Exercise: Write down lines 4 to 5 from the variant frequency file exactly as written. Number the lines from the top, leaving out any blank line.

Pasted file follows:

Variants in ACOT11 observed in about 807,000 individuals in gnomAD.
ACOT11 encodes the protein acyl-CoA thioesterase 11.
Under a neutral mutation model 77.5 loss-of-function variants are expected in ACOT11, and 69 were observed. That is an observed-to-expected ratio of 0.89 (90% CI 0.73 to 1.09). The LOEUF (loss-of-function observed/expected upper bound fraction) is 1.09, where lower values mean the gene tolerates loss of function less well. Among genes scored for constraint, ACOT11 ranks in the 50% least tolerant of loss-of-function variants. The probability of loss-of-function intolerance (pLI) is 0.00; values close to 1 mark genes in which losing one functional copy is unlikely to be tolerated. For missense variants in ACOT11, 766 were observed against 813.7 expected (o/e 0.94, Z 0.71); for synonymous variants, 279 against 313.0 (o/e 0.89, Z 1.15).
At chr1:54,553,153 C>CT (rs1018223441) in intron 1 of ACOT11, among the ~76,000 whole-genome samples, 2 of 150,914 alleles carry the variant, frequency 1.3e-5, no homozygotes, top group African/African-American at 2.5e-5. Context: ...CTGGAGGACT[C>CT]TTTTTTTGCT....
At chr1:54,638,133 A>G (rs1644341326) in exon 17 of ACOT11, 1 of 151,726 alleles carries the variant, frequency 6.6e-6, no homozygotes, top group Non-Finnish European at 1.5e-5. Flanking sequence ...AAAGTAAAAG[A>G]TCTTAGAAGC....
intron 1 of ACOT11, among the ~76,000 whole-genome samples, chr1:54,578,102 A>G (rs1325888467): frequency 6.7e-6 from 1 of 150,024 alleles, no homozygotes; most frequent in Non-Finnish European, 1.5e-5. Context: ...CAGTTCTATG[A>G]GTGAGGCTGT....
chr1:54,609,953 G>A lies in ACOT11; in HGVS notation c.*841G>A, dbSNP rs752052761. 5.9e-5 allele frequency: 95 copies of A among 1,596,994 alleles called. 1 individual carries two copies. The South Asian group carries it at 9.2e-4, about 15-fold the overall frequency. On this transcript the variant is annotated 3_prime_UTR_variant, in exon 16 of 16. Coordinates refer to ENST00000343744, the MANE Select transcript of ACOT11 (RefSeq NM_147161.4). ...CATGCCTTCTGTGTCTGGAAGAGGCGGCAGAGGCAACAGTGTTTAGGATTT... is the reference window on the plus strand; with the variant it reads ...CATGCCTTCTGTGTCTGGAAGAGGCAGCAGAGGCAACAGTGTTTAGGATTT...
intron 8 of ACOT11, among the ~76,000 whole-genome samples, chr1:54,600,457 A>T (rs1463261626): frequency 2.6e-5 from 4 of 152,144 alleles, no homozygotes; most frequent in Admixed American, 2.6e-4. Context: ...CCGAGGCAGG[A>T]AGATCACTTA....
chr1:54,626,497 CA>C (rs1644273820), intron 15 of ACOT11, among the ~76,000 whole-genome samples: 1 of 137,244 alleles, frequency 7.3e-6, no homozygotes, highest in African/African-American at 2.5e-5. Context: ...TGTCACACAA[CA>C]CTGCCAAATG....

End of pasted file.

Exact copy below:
At chr1:54,553,153 C>CT (rs1018223441) in intron 1 of ACOT11, among the ~76,000 whole-genome samples, 2 of 150,914 alleles carry the variant, frequency 1.3e-5, no homozygotes, top group African/African-American at 2.5e-5. Context: ...CTGGAGGACT[C>CT]TTTTTTTGCT....
At chr1:54,638,133 A>G (rs1644341326) in exon 17 of ACOT11, 1 of 151,726 alleles carries the variant, frequency 6.6e-6, no homozygotes, top group Non-Finnish European at 1.5e-5. Flanking sequence ...AAAGTAAAAG[A>G]TCTTAGAAGC....